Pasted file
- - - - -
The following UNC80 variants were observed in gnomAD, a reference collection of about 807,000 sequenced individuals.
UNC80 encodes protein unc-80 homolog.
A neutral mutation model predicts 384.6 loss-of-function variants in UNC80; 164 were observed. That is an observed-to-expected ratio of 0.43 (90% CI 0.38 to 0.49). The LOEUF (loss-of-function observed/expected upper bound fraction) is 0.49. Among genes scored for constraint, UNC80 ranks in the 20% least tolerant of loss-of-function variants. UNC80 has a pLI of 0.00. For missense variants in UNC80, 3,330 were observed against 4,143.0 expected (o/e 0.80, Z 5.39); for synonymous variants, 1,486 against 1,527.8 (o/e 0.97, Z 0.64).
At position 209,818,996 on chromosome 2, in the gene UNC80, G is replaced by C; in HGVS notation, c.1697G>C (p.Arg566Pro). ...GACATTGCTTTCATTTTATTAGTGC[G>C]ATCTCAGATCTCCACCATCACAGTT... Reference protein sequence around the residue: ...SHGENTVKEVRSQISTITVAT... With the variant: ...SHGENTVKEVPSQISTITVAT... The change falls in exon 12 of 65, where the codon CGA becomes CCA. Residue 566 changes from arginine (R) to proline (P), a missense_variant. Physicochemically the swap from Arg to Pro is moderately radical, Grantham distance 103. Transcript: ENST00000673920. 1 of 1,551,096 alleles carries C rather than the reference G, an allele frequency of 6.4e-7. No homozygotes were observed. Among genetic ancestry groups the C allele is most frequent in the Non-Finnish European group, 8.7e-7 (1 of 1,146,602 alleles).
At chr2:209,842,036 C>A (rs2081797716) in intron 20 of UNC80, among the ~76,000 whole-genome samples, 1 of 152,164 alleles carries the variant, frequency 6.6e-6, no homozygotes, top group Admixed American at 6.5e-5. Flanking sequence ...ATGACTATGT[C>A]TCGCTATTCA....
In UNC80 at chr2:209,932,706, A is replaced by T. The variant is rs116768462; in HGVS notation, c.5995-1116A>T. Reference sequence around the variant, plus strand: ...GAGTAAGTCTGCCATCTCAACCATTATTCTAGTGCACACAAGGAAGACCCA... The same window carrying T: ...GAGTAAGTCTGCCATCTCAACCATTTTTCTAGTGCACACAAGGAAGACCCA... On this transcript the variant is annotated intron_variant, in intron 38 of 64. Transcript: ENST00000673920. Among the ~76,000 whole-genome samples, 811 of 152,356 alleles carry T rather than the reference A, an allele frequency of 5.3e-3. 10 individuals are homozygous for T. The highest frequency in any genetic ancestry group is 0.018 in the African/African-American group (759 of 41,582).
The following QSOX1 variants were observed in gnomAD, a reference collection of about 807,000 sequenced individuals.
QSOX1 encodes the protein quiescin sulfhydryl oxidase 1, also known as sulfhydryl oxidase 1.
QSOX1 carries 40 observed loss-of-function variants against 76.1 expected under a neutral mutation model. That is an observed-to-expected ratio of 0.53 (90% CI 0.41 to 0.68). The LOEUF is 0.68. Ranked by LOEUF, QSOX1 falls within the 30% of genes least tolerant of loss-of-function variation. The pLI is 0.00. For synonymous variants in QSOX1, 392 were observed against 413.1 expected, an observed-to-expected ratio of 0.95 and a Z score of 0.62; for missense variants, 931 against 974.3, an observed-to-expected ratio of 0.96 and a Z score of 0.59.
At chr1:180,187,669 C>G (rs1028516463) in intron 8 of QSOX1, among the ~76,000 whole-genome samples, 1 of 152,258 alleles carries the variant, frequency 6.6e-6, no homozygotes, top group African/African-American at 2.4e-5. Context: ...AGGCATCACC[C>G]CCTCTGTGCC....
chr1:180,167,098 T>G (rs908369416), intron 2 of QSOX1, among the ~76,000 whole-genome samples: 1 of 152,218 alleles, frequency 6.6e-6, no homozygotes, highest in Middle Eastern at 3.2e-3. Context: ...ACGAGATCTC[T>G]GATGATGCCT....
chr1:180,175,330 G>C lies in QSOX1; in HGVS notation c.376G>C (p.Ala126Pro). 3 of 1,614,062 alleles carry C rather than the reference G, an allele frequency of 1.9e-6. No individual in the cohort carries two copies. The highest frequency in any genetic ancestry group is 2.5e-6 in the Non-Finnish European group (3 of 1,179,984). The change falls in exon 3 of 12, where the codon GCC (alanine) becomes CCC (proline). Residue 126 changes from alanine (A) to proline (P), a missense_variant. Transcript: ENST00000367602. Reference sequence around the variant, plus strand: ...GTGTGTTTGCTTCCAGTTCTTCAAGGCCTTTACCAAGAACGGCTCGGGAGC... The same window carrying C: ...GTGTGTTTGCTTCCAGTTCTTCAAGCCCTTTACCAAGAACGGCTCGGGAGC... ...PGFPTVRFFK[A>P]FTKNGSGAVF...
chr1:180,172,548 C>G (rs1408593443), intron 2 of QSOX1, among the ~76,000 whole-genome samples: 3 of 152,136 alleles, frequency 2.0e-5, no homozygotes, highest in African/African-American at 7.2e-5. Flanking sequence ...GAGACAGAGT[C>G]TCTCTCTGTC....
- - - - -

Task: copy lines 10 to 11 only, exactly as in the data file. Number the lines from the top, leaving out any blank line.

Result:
At chr1:180,187,669 C>G (rs1028516463) in intron 8 of QSOX1, among the ~76,000 whole-genome samples, 1 of 152,258 alleles carries the variant, frequency 6.6e-6, no homozygotes, top group African/African-American at 2.4e-5. Context: ...AGGCATCACC[C>G]CCTCTGTGCC....
chr1:180,167,098 T>G (rs908369416), intron 2 of QSOX1, among the ~76,000 whole-genome samples: 1 of 152,218 alleles, frequency 6.6e-6, no homozygotes, highest in Middle Eastern at 3.2e-3. Context: ...ACGAGATCTC[T>G]GATGATGCCT....